Blueprint Secures Funding for BIND, Releases Curation Standards
The Blueprint Initiative housed at Mount Sinai Hospital’s Samuel Lunenfeld Research Institute has secured Can$29 million (US$21.3 million) from Genome Canada, the Ontario Government’s Research and Development Challenge Fund, and the Canadian Institutes of Health Research, to support continued development of the Biomolecular Interaction Network Database.
Separately, Blueprint announced that it has released a curation reference document and a curation training manual through its website (http://www.bind.ca/index. phtml?page=manuals) “in order to show funding agencies and journals around the world that by January, 2004, they will be fully prepared for major funding agencies and journals to make BIND submissions a required condition of publication.”
The funding from the Canadian government, originally promised in May 2001, was delayed when the initiative’s original industrial partner, IBM, pulled out of the effort earlier this year [BioInform 02-10-03]. With Sun Microsystems as its new industrial partner, along with $5 million worth of computer equipment, the effort’s public funding is now secure under Genome Canada’s matching grant program.
The Blueprint initiative will use the additional funding to enter a backlog of 80,000 molecular interaction records into the database. Blueprint’s current staff of 59 is expected to grow to 77 by 2005.
SRI Creates Consortium to Curate Human Pathway Database
The BioCyc collection of pathway/genome databases has moved well beyond the world of E. coli and other microbial organisms. With last month’s release of BioCyc 7.1, SRI International added HumanCyc to its more familiar EcoCyc and MetaCyc options. HumanCyc, which contains information on 28,783 genes and 134 predicted human metabolic pathways, was built using SRI’s PathoLogic software and a minimally redundant human gene set from Ensembl, LocusLink, and GenBank.
Now, according to Peter Karp, director of the bioinformatics research group at SRI, the challenge will be in manually curating the database by adding new data from the scientific literature. SRI is creating a consortium of private companies to support the manual effort, Karp told BioInform. “We’re soliciting companies to join up and contribute funds for curation,” he said.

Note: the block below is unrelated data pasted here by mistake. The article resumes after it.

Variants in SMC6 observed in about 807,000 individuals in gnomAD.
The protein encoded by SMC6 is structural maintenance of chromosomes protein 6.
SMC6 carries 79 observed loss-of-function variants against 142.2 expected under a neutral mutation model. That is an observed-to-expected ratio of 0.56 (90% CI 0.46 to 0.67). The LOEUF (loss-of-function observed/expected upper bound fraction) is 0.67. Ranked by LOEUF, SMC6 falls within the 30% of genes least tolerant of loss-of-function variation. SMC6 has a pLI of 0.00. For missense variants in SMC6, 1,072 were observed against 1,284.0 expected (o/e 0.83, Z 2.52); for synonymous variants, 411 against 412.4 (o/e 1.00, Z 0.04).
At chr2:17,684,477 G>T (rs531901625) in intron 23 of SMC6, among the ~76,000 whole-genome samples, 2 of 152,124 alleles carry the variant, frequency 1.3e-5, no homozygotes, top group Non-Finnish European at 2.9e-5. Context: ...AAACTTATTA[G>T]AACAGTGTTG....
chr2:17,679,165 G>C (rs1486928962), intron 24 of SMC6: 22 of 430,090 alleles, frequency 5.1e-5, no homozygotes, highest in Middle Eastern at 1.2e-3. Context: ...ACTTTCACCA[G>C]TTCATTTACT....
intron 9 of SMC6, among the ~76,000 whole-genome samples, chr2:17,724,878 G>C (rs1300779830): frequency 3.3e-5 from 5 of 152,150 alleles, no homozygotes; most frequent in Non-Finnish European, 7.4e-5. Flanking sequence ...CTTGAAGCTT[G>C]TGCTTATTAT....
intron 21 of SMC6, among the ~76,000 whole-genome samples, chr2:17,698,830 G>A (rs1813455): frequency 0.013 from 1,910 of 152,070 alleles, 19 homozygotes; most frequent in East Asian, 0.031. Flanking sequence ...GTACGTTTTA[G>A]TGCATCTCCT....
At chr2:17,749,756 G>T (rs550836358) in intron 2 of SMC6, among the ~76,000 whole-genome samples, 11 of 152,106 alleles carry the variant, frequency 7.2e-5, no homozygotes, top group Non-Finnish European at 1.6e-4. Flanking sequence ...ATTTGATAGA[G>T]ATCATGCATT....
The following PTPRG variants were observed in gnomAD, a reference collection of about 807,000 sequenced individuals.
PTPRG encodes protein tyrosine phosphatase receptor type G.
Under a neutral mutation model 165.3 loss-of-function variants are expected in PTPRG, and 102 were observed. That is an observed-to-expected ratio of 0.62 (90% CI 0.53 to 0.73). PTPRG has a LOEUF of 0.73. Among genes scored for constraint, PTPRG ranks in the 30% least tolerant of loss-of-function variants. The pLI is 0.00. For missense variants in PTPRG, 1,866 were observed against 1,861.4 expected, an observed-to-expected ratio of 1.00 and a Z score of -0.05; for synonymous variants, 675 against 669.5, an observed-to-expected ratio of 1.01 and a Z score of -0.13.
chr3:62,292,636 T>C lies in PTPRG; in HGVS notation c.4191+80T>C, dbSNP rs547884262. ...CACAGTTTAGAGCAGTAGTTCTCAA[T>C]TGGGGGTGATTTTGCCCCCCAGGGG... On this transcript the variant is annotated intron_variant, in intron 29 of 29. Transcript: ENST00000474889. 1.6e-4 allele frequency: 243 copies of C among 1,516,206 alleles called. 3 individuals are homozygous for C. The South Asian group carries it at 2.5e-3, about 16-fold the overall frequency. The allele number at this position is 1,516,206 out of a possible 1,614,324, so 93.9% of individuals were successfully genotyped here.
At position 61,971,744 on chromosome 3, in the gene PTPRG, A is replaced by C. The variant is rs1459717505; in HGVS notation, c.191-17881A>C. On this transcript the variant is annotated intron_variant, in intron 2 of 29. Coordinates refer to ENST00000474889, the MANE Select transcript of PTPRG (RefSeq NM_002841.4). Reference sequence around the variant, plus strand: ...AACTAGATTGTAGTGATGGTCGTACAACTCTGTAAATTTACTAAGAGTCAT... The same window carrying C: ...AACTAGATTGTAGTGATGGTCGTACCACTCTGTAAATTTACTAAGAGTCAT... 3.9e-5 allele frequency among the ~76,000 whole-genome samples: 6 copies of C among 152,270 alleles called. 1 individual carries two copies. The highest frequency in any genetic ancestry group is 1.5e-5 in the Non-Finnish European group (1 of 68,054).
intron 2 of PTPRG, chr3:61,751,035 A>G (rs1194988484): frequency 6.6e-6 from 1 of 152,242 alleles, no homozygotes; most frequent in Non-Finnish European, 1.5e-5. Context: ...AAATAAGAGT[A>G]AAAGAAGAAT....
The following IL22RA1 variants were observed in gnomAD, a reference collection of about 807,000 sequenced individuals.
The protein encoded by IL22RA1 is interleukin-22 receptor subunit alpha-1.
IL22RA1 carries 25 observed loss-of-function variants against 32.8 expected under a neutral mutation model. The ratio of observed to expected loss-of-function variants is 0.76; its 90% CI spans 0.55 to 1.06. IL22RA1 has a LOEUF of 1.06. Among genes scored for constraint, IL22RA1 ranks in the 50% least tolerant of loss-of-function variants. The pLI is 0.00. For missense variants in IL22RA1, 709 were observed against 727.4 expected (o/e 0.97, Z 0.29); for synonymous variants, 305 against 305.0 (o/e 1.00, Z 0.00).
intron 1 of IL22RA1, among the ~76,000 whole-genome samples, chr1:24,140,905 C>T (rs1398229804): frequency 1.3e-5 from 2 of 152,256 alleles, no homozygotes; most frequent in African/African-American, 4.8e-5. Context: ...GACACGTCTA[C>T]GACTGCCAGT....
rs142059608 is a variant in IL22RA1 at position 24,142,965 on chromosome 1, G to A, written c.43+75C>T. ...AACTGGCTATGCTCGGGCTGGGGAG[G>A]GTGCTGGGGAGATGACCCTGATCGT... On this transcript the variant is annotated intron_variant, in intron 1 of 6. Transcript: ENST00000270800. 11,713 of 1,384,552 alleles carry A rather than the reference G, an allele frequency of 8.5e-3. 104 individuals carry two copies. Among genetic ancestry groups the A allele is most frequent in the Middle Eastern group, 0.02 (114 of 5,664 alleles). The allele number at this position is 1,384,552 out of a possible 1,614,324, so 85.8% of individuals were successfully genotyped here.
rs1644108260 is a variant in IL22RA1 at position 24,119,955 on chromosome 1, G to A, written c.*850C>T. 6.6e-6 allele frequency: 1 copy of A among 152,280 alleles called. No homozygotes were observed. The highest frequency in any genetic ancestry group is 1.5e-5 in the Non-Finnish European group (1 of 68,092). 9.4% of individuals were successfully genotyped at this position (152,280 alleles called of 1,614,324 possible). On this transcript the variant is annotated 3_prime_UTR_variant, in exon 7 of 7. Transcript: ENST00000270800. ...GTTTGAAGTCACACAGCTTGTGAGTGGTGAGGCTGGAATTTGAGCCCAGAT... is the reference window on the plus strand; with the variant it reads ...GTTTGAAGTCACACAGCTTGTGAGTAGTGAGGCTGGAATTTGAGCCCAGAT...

Several companies have already agreed to provide funding for the project, Karp said. While the database itself is freely available to anyone via the BioCyc website, members of the consortium will get access to a downloadable version of the data six months before it becomes available online.
IBM Links with SAS, Launches New Academic Support Program
IBM’s life sciences group last week entered a co-marketing agreement with SAS and kicked off a new initiative to support life science research at academic institutions.
In the three-year agreement with SAS, the companies agreed to jointly market SAS’s analytic solutions with IBM hardware, software, middleware, and services. The agreement builds on a strategic alliance the companies first entered in August 2001 for the financial services and telecommunications industries.
On the academic front, IBM launched its Institutes of Innovation program, which provides non-profit research institutions with early access to IBM technologies, software, and technical support; post-doctoral and research associate opportunities; assistance with external funding applications; and the opportunity to take part in IBM’s university award programs.
Indiana University and Johns Hopkins University have been selected as the first two participants in the program.
IBM already awards SUR (shared university research) grants to academic institutions engaged in life science research. An IBM spokeswoman said the new initiative is “more extensive” than the SUR program because it offers funded assistantships and technical support, and is a multi-year collaborative program as opposed to the one-time, one-year SUR awards.
EU One Step Closer to ‘Technical’ Software Patent Ruling
The European Union’s legal affairs committee on June 18 voted to adopt a proposed ruling on the patentability of computer-implemented inventions by 20 votes to 8 with 1 abstention.
Unlike the current software patenting policy in the US, which permits a broad range of computer-related patents, the EU directive requires that a patentable computerized invention have an industrial application and involve a technologically inventive step.